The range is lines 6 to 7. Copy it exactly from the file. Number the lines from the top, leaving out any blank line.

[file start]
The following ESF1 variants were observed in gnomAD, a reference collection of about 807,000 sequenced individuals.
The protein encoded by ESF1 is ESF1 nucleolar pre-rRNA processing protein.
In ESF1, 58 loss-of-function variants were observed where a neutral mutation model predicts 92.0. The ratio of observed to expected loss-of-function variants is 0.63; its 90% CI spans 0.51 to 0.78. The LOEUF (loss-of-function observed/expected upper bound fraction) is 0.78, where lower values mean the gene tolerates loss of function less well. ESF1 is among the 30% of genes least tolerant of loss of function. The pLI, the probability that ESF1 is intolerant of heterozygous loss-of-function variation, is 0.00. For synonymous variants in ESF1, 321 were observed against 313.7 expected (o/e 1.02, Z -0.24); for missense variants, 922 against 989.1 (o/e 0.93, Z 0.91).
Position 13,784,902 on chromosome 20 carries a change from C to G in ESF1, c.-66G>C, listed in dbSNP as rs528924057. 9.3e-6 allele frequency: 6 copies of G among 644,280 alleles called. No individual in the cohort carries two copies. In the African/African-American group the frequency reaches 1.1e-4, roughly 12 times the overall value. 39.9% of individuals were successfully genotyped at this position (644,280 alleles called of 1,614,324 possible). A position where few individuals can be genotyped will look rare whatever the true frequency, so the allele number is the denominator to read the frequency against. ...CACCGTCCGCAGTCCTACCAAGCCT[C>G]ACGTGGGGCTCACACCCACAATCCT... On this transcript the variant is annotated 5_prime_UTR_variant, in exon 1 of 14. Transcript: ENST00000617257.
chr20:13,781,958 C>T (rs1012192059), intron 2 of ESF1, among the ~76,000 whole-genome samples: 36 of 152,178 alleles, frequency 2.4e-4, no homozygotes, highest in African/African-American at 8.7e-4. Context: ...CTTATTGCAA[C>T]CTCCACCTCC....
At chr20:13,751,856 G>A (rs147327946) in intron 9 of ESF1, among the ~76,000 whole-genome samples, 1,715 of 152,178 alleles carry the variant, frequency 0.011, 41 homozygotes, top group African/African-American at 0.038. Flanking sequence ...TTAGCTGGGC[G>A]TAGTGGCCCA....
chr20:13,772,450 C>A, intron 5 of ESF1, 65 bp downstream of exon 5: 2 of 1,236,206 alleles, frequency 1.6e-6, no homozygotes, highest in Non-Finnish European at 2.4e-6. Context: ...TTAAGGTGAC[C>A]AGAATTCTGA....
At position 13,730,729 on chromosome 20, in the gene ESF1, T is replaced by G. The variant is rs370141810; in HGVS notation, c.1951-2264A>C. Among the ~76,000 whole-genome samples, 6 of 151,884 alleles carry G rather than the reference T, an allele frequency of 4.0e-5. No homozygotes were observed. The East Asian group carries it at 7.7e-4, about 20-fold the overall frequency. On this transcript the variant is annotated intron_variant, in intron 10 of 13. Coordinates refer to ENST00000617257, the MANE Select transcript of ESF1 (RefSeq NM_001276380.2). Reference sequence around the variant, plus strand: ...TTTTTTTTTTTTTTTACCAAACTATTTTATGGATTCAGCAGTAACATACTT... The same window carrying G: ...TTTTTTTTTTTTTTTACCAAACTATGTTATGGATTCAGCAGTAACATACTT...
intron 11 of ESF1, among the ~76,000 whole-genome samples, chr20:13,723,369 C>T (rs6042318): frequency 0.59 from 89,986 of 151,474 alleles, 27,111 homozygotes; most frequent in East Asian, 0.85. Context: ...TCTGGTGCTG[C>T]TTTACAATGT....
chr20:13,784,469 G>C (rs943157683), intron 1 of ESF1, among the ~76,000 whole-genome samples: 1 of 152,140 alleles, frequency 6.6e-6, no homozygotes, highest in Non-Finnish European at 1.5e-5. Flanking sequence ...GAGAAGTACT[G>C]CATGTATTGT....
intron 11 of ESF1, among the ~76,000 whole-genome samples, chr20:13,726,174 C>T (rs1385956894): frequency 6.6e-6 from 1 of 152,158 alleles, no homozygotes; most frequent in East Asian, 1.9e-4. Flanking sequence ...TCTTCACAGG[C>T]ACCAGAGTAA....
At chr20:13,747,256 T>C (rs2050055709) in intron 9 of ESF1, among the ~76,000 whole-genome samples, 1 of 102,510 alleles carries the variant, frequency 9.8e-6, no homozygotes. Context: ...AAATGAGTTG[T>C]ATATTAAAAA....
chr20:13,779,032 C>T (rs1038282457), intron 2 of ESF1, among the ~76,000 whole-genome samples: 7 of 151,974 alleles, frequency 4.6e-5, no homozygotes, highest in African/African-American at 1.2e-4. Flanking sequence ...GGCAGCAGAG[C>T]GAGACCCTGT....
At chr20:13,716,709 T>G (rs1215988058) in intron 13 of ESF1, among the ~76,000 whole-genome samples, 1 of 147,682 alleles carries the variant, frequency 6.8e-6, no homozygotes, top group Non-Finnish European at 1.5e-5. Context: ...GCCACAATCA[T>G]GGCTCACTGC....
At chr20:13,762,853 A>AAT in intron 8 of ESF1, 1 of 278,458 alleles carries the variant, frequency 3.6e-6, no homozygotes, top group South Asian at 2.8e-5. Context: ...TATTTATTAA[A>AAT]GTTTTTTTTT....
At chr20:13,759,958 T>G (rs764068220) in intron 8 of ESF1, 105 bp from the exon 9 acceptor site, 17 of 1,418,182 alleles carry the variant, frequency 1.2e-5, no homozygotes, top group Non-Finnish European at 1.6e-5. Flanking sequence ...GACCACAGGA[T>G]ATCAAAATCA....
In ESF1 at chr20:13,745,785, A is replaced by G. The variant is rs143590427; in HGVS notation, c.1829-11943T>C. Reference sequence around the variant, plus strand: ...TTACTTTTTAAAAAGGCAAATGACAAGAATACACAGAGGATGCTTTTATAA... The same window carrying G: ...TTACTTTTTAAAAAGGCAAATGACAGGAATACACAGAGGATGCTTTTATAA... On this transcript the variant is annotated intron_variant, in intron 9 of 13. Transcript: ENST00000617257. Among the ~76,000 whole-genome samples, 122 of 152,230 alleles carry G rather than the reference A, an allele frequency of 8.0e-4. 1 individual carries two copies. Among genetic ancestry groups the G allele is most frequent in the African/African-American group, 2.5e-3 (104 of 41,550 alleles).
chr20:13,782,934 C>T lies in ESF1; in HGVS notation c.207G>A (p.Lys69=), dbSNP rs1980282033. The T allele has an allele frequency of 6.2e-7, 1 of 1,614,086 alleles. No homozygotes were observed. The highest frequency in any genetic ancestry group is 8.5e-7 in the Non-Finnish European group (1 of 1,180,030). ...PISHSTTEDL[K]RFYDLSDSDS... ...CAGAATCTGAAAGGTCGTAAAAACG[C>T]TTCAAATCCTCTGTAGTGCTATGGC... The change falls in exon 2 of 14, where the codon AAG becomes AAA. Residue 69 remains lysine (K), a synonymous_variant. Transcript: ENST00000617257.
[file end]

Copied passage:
At chr20:13,751,856 G>A (rs147327946) in intron 9 of ESF1, among the ~76,000 whole-genome samples, 1,715 of 152,178 alleles carry the variant, frequency 0.011, 41 homozygotes, top group African/African-American at 0.038. Flanking sequence ...TTAGCTGGGC[G>A]TAGTGGCCCA....
chr20:13,772,450 C>A, intron 5 of ESF1, 65 bp downstream of exon 5: 2 of 1,236,206 alleles, frequency 1.6e-6, no homozygotes, highest in Non-Finnish European at 2.4e-6. Context: ...TTAAGGTGAC[C>A]AGAATTCTGA....